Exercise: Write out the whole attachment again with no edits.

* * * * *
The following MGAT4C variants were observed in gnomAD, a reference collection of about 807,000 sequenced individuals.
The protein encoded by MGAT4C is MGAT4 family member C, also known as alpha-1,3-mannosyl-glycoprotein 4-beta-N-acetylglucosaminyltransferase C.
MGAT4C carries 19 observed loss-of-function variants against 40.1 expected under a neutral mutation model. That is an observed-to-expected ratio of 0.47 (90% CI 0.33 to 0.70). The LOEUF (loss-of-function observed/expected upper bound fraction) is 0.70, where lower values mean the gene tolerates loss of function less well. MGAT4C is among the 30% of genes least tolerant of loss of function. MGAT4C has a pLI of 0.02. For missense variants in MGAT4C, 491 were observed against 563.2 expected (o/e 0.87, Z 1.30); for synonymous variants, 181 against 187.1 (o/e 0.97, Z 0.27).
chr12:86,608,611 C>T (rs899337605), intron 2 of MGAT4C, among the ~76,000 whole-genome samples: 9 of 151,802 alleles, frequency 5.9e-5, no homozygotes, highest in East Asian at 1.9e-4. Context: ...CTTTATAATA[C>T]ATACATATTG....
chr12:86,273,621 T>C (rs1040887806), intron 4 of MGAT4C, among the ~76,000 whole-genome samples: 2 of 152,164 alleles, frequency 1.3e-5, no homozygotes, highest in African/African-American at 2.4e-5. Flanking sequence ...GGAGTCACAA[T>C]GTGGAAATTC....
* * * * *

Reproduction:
The following MGAT4C variants were observed in gnomAD, a reference collection of about 807,000 sequenced individuals.
The protein encoded by MGAT4C is MGAT4 family member C, also known as alpha-1,3-mannosyl-glycoprotein 4-beta-N-acetylglucosaminyltransferase C.
MGAT4C carries 19 observed loss-of-function variants against 40.1 expected under a neutral mutation model. That is an observed-to-expected ratio of 0.47 (90% CI 0.33 to 0.70). The LOEUF (loss-of-function observed/expected upper bound fraction) is 0.70, where lower values mean the gene tolerates loss of function less well. MGAT4C is among the 30% of genes least tolerant of loss of function. MGAT4C has a pLI of 0.02. For missense variants in MGAT4C, 491 were observed against 563.2 expected (o/e 0.87, Z 1.30); for synonymous variants, 181 against 187.1 (o/e 0.97, Z 0.27).
chr12:86,608,611 C>T (rs899337605), intron 2 of MGAT4C, among the ~76,000 whole-genome samples: 9 of 151,802 alleles, frequency 5.9e-5, no homozygotes, highest in East Asian at 1.9e-4. Context: ...CTTTATAATA[C>T]ATACATATTG....
chr12:86,273,621 T>C (rs1040887806), intron 4 of MGAT4C, among the ~76,000 whole-genome samples: 2 of 152,164 alleles, frequency 1.3e-5, no homozygotes, highest in African/African-American at 2.4e-5. Flanking sequence ...GGAGTCACAA[T>C]GTGGAAATTC....